Heinz Fassmann discusses obstacles to a deal on the EU’s next research programme, Horizon Europe
Austria’s Minister of Education, Science and Research Heinz Fassmann says the European Commission and member states are divided on who gets to choose topics for new research missions under the €94.1 billion Horizon Europe programme.
“There is a conflict over who gets to decide the mission themes. On the one hand the Commission says we want to decide, and on the other hand member states also say they want to decide,” Fassmann said in an interview with Science|Business, on the eve of a meeting of research ministers in Brussels.
Missions are a new form of objective-focused research, envisaged as broad funding instruments that award a mixture of grants, prizes and loans for defined projects that aim to address intractable societal problems.
Governments want more say in selecting these missions, according to Fassman, a former geography professor who is leading negotiations for member states on Horizon Europe during the Austrian EU presidency. Ministers resumed talks in Brussels on Friday, following a preliminary meeting in Vienna in July.
For Christian Naczinsky, head of EU research policy and coordination at the Austrian Ministry for Science, Research and Economy, the fact that member states want a say represents implicit support for the missions proposal. “It’s a good sign that there’s this disagreement; it’s good that member states say we want to be part of the process, and we don’t just want to sit on the sidelines,” he said.
Fassmann agrees. "We'll find a way [to solve it]," he said.
The minister strikes an upbeat note on Horizon Europe as a whole, saying it is “a balanced programme”, with a good spread of funding for basic research and innovation. “If the programme [eventually] gets more money too, it’s fine by me,” he said.
The Commission will unveil its proposed mission themes to member states on October 15, Fassmann said. Initiatives targeting cancer, plastics pollution, climate change and energy consumption are on the minister’s personal wish list.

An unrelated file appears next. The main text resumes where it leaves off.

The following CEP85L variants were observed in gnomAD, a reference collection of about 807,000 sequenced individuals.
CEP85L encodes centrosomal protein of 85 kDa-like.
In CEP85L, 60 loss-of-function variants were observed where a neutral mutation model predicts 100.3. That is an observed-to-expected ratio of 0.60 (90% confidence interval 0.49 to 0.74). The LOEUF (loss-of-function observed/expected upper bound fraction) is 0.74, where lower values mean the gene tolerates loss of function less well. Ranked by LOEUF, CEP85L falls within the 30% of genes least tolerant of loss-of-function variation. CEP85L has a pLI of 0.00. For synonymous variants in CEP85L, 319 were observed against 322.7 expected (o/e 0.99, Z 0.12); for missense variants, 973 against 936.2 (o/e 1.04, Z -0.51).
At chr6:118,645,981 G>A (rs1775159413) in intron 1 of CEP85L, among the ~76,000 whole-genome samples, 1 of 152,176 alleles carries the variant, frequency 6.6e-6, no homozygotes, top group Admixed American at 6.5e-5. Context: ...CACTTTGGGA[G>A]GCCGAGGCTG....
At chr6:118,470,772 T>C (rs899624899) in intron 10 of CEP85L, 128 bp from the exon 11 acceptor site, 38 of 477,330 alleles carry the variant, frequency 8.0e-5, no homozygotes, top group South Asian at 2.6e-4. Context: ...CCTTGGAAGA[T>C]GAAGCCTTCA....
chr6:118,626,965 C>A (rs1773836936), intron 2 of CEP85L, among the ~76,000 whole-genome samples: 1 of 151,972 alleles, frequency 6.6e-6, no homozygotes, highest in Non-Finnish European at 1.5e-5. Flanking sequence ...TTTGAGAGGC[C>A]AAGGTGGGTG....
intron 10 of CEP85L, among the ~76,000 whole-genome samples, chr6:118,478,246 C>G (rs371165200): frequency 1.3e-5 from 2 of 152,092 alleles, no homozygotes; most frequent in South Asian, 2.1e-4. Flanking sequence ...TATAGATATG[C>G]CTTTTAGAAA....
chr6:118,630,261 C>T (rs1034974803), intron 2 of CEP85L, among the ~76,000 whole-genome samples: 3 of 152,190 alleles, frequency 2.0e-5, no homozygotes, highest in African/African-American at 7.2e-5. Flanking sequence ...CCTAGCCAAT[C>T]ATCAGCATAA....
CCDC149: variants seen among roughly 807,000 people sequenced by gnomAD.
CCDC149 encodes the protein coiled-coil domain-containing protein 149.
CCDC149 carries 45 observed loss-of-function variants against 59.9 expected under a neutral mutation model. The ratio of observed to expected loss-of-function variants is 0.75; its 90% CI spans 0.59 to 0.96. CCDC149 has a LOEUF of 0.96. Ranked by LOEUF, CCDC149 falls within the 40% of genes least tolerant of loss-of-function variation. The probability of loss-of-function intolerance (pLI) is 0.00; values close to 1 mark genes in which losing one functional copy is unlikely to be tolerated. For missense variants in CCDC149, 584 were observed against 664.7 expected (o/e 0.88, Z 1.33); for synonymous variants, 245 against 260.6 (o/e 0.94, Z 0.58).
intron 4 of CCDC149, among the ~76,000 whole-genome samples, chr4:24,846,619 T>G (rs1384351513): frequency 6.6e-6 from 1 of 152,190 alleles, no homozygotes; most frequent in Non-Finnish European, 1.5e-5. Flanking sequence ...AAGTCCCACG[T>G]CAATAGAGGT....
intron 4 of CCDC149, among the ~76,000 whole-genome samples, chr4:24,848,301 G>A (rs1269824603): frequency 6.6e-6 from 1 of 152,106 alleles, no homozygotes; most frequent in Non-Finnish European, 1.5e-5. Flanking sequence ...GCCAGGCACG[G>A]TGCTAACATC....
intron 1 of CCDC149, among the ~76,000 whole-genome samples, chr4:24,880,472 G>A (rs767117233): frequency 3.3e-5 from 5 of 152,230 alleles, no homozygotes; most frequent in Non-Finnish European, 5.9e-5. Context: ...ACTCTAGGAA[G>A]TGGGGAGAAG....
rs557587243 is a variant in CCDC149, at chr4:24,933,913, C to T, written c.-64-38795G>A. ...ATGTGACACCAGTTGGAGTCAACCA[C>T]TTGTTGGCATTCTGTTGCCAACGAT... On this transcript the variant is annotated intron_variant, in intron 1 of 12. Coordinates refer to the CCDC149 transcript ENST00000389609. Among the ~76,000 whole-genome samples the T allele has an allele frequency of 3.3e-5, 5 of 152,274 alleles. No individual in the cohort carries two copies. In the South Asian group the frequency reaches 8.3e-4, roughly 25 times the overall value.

On the same day, Commission officials will also present member states with a process for deciding which industry partnerships should continue to receive EU support. Brussels funds 19 big industry-led partnerships, with beneficiaries from nearly all corners of the corporate world, encompassing drugs, planes, trains and automobiles. Currently they absorb 20 per cent of the total research budget.
Growing like mushrooms
Naczinsky said research ministers do not want these partnerships, “to keep growing like mushrooms.” Partnerships in action today include Clean Sky, which funds research into cleaner, quieter aircraft, the European Green Vehicles Initiative, which looks to develop technologies like longer-life batteries, and largest of them all, the Innovative Medicines Initiative. The proposal for Horizon Europe calls for these partnerships to be rationalised, but as yet there has been no detail of where the axe might fall.
“The existing partnerships are worried about the end of days,” Naczinsky acknowledged. While that might be the fate of some, he said it would not happen “by the strike of a pen”, because it is important to protect the work already done by industry over many years. “Therefore, we need a careful selection process. We don’t want to put anything in danger for the sake of reducing partnerships,” Naczinsky said.
With the clock ticking down to a year-end deadline to reach an outline agreement on the Horizon Europe programme, the Commission is urging countries to move the dial in favour of a deal.
Brussels fears that if there is no agreement, the whole process will be stalled in the lead-up to, and following, the May 2019 European elections. Officials also judge that a rightward, anti-Europe shift in MEPs elected to the Parliament would make compromises more difficult to reach down the line.
“The ambition to sign off [early] is understandable, because we’re going into troubled waters with the election,” Fassmann said. “But I can’t foresee the speed. It depends on the member states, and the interplay between Parliament and the Commission.”